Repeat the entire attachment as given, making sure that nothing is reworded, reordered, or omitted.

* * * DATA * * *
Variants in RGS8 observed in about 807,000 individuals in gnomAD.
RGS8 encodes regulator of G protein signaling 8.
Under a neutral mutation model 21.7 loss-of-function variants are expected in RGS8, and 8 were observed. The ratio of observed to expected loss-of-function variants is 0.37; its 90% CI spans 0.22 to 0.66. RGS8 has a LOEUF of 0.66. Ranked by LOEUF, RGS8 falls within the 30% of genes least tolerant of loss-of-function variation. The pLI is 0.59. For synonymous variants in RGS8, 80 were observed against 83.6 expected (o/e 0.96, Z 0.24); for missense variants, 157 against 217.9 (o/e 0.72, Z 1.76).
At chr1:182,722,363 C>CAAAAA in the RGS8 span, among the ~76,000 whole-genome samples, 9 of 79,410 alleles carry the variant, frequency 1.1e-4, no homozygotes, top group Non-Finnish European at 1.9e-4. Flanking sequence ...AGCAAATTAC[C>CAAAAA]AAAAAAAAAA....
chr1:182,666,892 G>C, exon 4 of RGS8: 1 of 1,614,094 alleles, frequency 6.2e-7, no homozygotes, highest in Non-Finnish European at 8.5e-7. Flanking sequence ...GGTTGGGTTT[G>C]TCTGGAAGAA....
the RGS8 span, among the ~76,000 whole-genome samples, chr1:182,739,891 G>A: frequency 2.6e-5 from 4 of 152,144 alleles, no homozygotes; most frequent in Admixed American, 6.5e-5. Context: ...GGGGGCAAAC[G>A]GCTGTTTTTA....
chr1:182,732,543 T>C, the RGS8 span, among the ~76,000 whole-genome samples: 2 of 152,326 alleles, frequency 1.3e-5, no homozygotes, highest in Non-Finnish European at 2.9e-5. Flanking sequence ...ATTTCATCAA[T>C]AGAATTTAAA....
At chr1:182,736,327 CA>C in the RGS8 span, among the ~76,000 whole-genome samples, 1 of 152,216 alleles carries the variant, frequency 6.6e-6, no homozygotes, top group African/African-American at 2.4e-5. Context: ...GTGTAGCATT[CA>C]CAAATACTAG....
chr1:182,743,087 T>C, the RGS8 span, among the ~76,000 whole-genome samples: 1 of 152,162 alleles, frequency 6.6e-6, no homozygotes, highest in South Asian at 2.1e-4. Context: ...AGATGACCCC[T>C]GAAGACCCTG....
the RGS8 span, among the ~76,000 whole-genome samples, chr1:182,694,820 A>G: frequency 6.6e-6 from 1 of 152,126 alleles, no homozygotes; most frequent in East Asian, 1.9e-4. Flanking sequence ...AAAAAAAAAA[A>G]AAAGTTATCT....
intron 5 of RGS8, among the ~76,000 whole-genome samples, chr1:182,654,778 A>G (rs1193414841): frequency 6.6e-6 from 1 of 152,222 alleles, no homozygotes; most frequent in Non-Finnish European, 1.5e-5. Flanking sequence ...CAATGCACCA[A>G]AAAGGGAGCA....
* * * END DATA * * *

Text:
Variants in RGS8 observed in about 807,000 individuals in gnomAD.
RGS8 encodes regulator of G protein signaling 8.
Under a neutral mutation model 21.7 loss-of-function variants are expected in RGS8, and 8 were observed. The ratio of observed to expected loss-of-function variants is 0.37; its 90% CI spans 0.22 to 0.66. RGS8 has a LOEUF of 0.66. Ranked by LOEUF, RGS8 falls within the 30% of genes least tolerant of loss-of-function variation. The pLI is 0.59. For synonymous variants in RGS8, 80 were observed against 83.6 expected (o/e 0.96, Z 0.24); for missense variants, 157 against 217.9 (o/e 0.72, Z 1.76).
At chr1:182,722,363 C>CAAAAA in the RGS8 span, among the ~76,000 whole-genome samples, 9 of 79,410 alleles carry the variant, frequency 1.1e-4, no homozygotes, top group Non-Finnish European at 1.9e-4. Flanking sequence ...AGCAAATTAC[C>CAAAAA]AAAAAAAAAA....
chr1:182,666,892 G>C, exon 4 of RGS8: 1 of 1,614,094 alleles, frequency 6.2e-7, no homozygotes, highest in Non-Finnish European at 8.5e-7. Flanking sequence ...GGTTGGGTTT[G>C]TCTGGAAGAA....
the RGS8 span, among the ~76,000 whole-genome samples, chr1:182,739,891 G>A: frequency 2.6e-5 from 4 of 152,144 alleles, no homozygotes; most frequent in Admixed American, 6.5e-5. Context: ...GGGGGCAAAC[G>A]GCTGTTTTTA....
chr1:182,732,543 T>C, the RGS8 span, among the ~76,000 whole-genome samples: 2 of 152,326 alleles, frequency 1.3e-5, no homozygotes, highest in Non-Finnish European at 2.9e-5. Flanking sequence ...ATTTCATCAA[T>C]AGAATTTAAA....
At chr1:182,736,327 CA>C in the RGS8 span, among the ~76,000 whole-genome samples, 1 of 152,216 alleles carries the variant, frequency 6.6e-6, no homozygotes, top group African/African-American at 2.4e-5. Context: ...GTGTAGCATT[CA>C]CAAATACTAG....
chr1:182,743,087 T>C, the RGS8 span, among the ~76,000 whole-genome samples: 1 of 152,162 alleles, frequency 6.6e-6, no homozygotes, highest in South Asian at 2.1e-4. Context: ...AGATGACCCC[T>C]GAAGACCCTG....
the RGS8 span, among the ~76,000 whole-genome samples, chr1:182,694,820 A>G: frequency 6.6e-6 from 1 of 152,126 alleles, no homozygotes; most frequent in East Asian, 1.9e-4. Flanking sequence ...AAAAAAAAAA[A>G]AAAGTTATCT....
intron 5 of RGS8, among the ~76,000 whole-genome samples, chr1:182,654,778 A>G (rs1193414841): frequency 6.6e-6 from 1 of 152,222 alleles, no homozygotes; most frequent in Non-Finnish European, 1.5e-5. Flanking sequence ...CAATGCACCA[A>G]AAAGGGAGCA....